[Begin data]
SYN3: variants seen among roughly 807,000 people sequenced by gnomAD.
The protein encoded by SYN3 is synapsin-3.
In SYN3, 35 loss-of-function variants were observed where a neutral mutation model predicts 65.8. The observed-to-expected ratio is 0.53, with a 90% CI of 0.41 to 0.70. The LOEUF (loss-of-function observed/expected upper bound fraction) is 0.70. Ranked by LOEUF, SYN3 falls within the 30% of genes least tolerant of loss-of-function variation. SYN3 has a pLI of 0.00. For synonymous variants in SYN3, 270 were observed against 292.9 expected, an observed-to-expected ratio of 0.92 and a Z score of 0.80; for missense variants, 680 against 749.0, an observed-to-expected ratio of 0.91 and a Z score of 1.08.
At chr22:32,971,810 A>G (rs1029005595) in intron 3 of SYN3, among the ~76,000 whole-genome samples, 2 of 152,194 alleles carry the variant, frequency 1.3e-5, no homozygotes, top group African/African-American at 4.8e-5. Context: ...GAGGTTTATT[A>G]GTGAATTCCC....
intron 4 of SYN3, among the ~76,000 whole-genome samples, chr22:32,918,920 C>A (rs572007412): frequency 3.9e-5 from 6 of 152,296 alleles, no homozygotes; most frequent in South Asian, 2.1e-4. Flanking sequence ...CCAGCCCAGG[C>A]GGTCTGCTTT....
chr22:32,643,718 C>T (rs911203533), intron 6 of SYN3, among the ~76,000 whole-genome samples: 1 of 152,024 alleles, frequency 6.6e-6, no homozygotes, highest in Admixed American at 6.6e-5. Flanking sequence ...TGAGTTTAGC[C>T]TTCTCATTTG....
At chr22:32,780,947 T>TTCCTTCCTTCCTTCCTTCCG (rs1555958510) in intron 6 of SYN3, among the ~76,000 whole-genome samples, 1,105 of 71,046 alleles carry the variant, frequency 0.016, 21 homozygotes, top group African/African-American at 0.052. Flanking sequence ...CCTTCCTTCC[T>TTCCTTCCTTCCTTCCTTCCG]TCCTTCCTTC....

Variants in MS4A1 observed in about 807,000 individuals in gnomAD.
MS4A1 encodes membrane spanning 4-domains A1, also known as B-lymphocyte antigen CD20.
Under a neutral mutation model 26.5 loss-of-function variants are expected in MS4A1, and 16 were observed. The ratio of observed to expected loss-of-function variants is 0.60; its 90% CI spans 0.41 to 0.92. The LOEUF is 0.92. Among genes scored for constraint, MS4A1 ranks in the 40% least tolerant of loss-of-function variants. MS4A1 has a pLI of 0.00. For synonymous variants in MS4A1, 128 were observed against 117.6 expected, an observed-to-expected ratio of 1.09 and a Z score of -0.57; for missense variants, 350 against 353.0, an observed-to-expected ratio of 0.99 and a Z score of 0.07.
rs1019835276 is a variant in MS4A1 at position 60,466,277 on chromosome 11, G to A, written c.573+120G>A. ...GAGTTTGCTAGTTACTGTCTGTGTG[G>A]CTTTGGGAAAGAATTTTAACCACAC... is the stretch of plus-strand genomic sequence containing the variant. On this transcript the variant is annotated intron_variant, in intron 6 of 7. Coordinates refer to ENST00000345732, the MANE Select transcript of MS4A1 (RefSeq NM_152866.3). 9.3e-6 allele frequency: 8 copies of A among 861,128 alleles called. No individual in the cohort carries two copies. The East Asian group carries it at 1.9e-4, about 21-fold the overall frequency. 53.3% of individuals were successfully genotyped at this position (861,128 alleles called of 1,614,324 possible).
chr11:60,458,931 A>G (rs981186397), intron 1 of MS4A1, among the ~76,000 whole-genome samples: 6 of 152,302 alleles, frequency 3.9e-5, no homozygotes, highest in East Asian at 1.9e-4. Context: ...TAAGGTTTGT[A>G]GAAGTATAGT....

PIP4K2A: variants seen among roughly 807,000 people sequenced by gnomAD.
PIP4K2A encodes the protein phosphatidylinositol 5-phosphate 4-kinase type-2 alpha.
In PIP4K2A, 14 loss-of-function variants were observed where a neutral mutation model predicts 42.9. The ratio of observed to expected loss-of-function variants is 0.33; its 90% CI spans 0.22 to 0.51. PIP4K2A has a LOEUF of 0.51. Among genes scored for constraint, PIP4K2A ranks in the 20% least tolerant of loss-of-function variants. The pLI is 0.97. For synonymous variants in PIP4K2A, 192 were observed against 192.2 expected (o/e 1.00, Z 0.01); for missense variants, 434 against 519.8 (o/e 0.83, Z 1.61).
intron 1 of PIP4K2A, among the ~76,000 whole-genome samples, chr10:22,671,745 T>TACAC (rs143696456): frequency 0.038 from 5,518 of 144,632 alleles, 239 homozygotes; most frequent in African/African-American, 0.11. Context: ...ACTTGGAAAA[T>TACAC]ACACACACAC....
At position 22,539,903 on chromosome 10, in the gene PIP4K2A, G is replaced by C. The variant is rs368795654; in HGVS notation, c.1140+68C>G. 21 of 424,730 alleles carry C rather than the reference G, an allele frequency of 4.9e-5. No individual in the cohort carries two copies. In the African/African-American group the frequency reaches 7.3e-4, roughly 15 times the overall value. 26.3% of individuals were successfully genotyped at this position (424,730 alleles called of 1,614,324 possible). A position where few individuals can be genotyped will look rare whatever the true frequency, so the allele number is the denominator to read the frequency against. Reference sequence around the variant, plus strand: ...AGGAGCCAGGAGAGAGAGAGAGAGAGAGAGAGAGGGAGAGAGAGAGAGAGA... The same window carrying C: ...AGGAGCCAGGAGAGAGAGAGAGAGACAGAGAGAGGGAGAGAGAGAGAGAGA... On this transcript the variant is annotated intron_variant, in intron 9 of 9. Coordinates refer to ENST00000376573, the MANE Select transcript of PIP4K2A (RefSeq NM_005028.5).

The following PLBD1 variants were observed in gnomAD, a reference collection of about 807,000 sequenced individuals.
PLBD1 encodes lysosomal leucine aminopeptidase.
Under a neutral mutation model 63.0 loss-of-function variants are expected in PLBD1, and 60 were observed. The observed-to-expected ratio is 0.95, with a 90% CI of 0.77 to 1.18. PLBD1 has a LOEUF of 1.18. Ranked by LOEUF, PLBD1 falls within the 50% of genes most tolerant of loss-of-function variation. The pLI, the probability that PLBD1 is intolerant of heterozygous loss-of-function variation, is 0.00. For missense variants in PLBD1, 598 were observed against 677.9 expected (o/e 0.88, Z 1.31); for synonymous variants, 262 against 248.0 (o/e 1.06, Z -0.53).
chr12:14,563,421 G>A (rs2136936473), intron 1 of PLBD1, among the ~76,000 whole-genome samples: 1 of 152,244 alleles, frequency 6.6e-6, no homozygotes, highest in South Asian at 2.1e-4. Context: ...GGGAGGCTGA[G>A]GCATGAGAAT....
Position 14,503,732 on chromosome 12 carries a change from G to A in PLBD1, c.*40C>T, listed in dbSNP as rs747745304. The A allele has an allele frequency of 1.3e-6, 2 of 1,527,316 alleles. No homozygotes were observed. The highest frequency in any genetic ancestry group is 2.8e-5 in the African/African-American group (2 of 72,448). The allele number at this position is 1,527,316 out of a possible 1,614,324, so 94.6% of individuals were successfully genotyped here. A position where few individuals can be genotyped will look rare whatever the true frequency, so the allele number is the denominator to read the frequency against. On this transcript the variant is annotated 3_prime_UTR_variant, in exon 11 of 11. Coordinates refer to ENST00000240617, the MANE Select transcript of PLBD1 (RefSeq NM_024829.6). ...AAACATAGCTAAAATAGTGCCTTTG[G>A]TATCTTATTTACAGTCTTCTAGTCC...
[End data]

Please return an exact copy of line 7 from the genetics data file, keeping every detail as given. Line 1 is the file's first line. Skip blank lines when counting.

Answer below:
At chr22:32,780,947 T>TTCCTTCCTTCCTTCCTTCCG (rs1555958510) in intron 6 of SYN3, among the ~76,000 whole-genome samples, 1,105 of 71,046 alleles carry the variant, frequency 0.016, 21 homozygotes, top group African/African-American at 0.052. Flanking sequence ...CCTTCCTTCC[T>TTCCTTCCTTCCTTCCTTCCG]TCCTTCCTTC....